In some applications, only the values at the grid points are important and not the distances between grid points. For example, most MRI scans gather data that is uniformly spaced in all directions. In cases like this, you can allow the interpolation function to automatically generate a default grid representation to use with the data. To do this, leave out the grid inputs to the interpolation function. When you leave out the grid inputs, the function automatically considers the data to be on a unit-spaced grid. The function creates this unit-spaced grid while it executes, saving you the trouble of creating a grid yourself.

### Example: Temperature Interpolation on 2-D Grid

Consider temperature data collected on a surface at regular 5 cm intervals, extending 20 cm in each direction. Use `meshgrid` to create the full grid.

`[X,Y] = meshgrid(0:5:20)`
```X = 0 5 10 15 20 0 5 10 15 20 0 5 10 15 20 0 5 10 15 20 0 5 10 15 20 Y = 0 0 0 0 0 5 5 5 5 5 10 10 10 10 10 15 15 15 15 15 20 20 20 20 20```

The (x,y) coordinates of each grid point are represented as corresponding elements in the `X` and `Y` matrices. The first grid point is given by `[X(1) Y(1)]`, which is `[0 0]`, the next grid point is given by `[X(2) Y(2)]`, which is ```[0 5]```, and so on.

Now, create a matrix to represent temperature measurements on the grid and then plot the data as a surface.

```T = [1 1 10 1 1; 1 10 10 10 10; 100 100 1000 100 100; 10 10 10 10 1; 1 1 10 1 1]; surf(X,Y,T) view(2)``` Although the temperature at the center grid point is large, its location and influence on surrounding grid points is not apparent from the raw data.

To improve the resolution of the data by a factor of 10, use `interp2` to interpolate the temperature data onto a finer grid that uses 0.5 cm intervals. Use `meshgrid` again to create a finer grid represented by the matrices `Xq` and `Yq`. Then, use `interp2` with the original grid, the temperature data, and the new grid points, and plot the resulting data. By default, `interp2` uses linear interpolation in each dimension.

```[Xq,Yq] = meshgrid(0:0.5:20); Tq = interp2(X,Y,T,Xq,Yq); surf(Xq,Yq,Tq) view(2)``` Interpolating the temperature data adds detail to the image and greatly improves the usefulness of the data within the area of measurements.

### Gridded Interpolation Methods

The grid-based interpolation functions and objects in MATLAB offer several different methods for interpolation. When choosing an interpolation method, keep in mind that some require more memory or longer computation time than others. You may need to trade off these resources to achieve the desired smoothness in the result. The following table gives a preview of each interpolation method applied to the same 1-D data, and also provides an overview of the benefits, trade-offs, and requirements for each method.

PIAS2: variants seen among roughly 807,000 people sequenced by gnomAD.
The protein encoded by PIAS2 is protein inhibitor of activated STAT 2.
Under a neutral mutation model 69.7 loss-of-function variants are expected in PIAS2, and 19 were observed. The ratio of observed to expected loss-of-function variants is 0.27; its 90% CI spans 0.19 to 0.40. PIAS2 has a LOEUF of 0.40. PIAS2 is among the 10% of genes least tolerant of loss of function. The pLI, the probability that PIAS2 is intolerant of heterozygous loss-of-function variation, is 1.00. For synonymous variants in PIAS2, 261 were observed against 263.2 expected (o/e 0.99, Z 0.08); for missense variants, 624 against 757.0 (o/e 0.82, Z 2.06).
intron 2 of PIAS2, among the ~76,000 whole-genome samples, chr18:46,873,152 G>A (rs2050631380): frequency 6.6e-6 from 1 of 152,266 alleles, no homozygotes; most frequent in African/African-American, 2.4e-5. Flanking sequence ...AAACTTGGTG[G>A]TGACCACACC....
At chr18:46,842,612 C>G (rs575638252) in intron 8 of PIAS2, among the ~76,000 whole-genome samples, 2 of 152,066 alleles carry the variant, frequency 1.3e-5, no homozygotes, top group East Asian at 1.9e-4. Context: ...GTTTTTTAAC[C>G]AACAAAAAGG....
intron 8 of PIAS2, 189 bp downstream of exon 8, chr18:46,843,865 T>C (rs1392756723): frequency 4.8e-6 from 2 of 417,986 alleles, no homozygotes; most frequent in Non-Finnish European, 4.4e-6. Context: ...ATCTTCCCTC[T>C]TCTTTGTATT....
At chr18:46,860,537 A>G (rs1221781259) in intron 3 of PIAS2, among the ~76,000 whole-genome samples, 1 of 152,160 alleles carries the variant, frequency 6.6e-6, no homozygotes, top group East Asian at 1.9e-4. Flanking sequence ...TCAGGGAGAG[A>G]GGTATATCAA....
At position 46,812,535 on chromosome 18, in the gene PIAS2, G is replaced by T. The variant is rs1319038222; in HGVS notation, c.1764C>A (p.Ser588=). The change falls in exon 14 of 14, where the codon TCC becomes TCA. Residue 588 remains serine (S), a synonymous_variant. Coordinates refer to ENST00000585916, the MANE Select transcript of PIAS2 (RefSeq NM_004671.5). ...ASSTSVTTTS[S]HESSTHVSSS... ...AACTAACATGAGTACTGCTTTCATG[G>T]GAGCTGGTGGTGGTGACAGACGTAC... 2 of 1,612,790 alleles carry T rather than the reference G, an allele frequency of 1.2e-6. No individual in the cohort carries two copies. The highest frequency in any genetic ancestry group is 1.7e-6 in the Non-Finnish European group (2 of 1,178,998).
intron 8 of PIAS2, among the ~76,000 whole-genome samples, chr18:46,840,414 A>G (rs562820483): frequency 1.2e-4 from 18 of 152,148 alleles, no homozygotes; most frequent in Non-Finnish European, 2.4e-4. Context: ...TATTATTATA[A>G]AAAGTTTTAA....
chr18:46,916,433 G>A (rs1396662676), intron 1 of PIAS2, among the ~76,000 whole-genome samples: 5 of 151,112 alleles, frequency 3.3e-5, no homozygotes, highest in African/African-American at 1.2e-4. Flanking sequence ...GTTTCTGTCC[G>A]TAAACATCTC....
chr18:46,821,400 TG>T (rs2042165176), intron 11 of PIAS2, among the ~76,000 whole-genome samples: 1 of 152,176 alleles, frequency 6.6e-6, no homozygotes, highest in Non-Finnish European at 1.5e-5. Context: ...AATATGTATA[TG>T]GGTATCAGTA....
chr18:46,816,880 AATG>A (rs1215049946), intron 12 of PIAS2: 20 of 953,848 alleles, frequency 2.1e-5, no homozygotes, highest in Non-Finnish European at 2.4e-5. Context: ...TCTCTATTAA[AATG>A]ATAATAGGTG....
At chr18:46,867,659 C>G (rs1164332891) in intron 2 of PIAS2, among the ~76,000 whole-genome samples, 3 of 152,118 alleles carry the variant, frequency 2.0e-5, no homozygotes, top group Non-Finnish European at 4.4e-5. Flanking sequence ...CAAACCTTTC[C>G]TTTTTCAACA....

MethodDescription The interpolated value at a query point is the value at the nearest sample grid point.

• Discontinuous

• Modest memory requirements

• Fastest computation time

• Requires 2 grid points in each dimension The interpolated value at a query point is the value at the next sample grid point.

• Discontinuous

• Same memory requirements and computation time as nearest neighbor

• Available for 1-D interpolation only

• Requires at least 2 grid points The interpolated value at a query point is the value at the previous sample grid point.

• Discontinuous

• Same memory requirements and computation time as nearest neighbor

• Available for 1-D interpolation only

• Requires at least 2 grid points The interpolated value at a query point is based on linear interpolation of the values at neighboring grid points in each respective dimension.

• C0 continuous

• Requires more memory and computation time than nearest neighbor

• Requires at least 2 grid points in each dimension The interpolated value at a query point is based on a shape-preserving piece-wise cubic interpolation of the values at neighboring grid points.

• C1 continuous

• Requires more memory and computation time than linear

• Available for 1-D interpolation only

• Requires at least 4 grid points The interpolated value at a query point is based on cubic interpolation of the values at neighboring grid points in each respective dimension.

• C1 continuous

• Requires more memory and computation time than linear

• Grid must have uniform spacing, though the spacing in each dimension does not have to be the same

• Requires at least 4 points in each dimension The interpolated value at a query point is based on a piecewise function of polynomials with degree at most three evaluated using the values of neighboring grid points in each respective dimension. The Akima formula is modified to avoid overshoots.

• C1 continuous

• Similar memory requirements as spline

• Requires more computation time than cubic, but typically less than spline

• Requires at least 2 grid points in each dimension The interpolated value at a query point is based on a cubic interpolation of the values at neighboring grid points in each respective dimension.

• C2 continuous

• Requires more memory and computation time than cubic

• Requires at least 4 points in each dimension